Richard could not move, nor speak, nor even breathe. A weight crushed down on him, threatening to suffocate him under a pitch-black blanket of misery and shame. All was lost…he wished for Death to take him here and now.

But no…he should have had faith in his indomitable, fierce bride!

Manon stepped away from him and met her nemesis with pride and dignity.

“You are mistaken, Madam, and you are cruel and vicious in your despair! You should be crushed by shame to try and inflict this torture upon your only son. Sir Richard does not deserve to be treated thusly by the woman who gave birth to him, a mother whom he has always respected and cared for. My dear mother, Lily Favier was a bastard. I hereby make this known to this community and challenge everyone to take notice of Sir Robert’s letter to his son, written by his own hand and deposited in the care of his solicitor, Mr Brownslow. Sir Robert’s seal is testimony enough for the letter’s authenticity.”

“It is true and unmistakable! I, as Our Lord’s representative, have acknowledged and approved the content of Sir Robert’s letter. You will hold your peace, madam, or you will be removed from this church!” Mr Merryweather’s booming voice had never sounded so welcome to Richard’s shocked ears. He watched how the Dowager gasped in shock as St Wulfram’s sexton took her arm and led her away.

“Let us now proceed with the celebration of this marriage,” continued Mr Merryweather. “Who gives this woman to be married to this man?”

“I do!”

Jéhan’s clear voice chimed through the nave like the voice of an angel. The small five-year-old took his sister’s hand and led her back to her betrothed, confident in his role. Manon, as if nothing had occurred to disturb her peace, firmly grasped Richard’s hand and brought him back to reality and happiness. With infinite relief, he was grateful for Manon’s unwavering support.

The rest of the ceremony was undisturbed, and the two young people spoke their vows with nothing but pure exhilaration in their hearts.

“I, Manon, take thee, Richard, to be my lawfully wedded husband, secure in the knowledge that you will be my constant friend, my faithful partner in life, and my one true love. On this special day, I give to you in the presence of God and all these witnesses my pledge to stay by your side as your faithful wife in sickness and in health, in joy and in sorrow, as well as through the good times and the bad. I promise to love you without reservation, comfort you in times of distress, laugh with you and cry with you, grow with you in mind and spirit, always be open and honest with you,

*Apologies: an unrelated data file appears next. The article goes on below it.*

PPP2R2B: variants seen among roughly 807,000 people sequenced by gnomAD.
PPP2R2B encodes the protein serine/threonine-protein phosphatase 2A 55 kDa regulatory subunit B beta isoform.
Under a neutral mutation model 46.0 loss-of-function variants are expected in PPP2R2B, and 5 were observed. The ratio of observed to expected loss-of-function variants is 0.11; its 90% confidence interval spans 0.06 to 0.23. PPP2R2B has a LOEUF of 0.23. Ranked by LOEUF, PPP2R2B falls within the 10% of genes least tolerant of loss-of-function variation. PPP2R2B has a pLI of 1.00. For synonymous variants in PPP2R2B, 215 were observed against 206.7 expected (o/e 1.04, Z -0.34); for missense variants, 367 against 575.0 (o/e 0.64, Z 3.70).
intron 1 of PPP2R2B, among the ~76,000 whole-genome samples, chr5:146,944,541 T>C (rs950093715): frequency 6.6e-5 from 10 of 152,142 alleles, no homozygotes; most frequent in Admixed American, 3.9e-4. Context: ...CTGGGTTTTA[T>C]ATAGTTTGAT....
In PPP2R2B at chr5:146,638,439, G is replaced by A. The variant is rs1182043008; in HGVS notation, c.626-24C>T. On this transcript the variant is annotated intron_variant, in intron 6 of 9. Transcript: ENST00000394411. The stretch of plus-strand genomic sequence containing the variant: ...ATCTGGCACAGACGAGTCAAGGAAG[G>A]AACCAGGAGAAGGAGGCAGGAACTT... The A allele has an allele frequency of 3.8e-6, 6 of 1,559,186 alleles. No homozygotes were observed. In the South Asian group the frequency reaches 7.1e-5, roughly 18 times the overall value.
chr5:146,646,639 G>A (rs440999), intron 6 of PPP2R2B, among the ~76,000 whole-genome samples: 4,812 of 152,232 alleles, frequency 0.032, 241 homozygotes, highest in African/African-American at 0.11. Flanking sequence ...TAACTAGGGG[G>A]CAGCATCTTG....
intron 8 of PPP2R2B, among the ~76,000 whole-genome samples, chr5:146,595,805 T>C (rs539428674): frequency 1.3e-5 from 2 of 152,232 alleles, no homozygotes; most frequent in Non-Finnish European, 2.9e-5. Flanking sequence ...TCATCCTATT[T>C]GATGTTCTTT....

and cherish you for as long as we both shall live.”

Richard watched in awe and reverence as Manon’s gaze grew but brighter, with every word she spoke. He had the solemn duty to answer her in kind, so he cleared his throat and let exultation colour his deep voice.

“I, Richard, take thee, Manon, to be my lawfully wedded wife, to have and to hold from this day forward, for better for worse, for richer or for poorer, in sickness and in health, to love and to cherish, till death us do part, according to God’s holy ordinance; and thereto, I plight thee my troth.”

His hand shaking just the merest moment, Richard took his bride’s hand in his.

“With this ring I thee wed, with my body I thee worship, and with all my worldly goods I thee endow: In the name of the Father, and of the Son, and of the Holy Ghost. Amen.”

The simple gold wedding band slid onto Manon’s finger, and she looked at her husband. His beautiful blue eyes shone like diamonds, love sparkling from them to warm her soul.

Again the Reverend’s voice boomed them back to the present.

“I hereby declare that you, Sir Richard and Lady de Briers, are husband and wife. You may now kiss your bride, Sir Richard.”

An invitation Richard accepted with alacrity.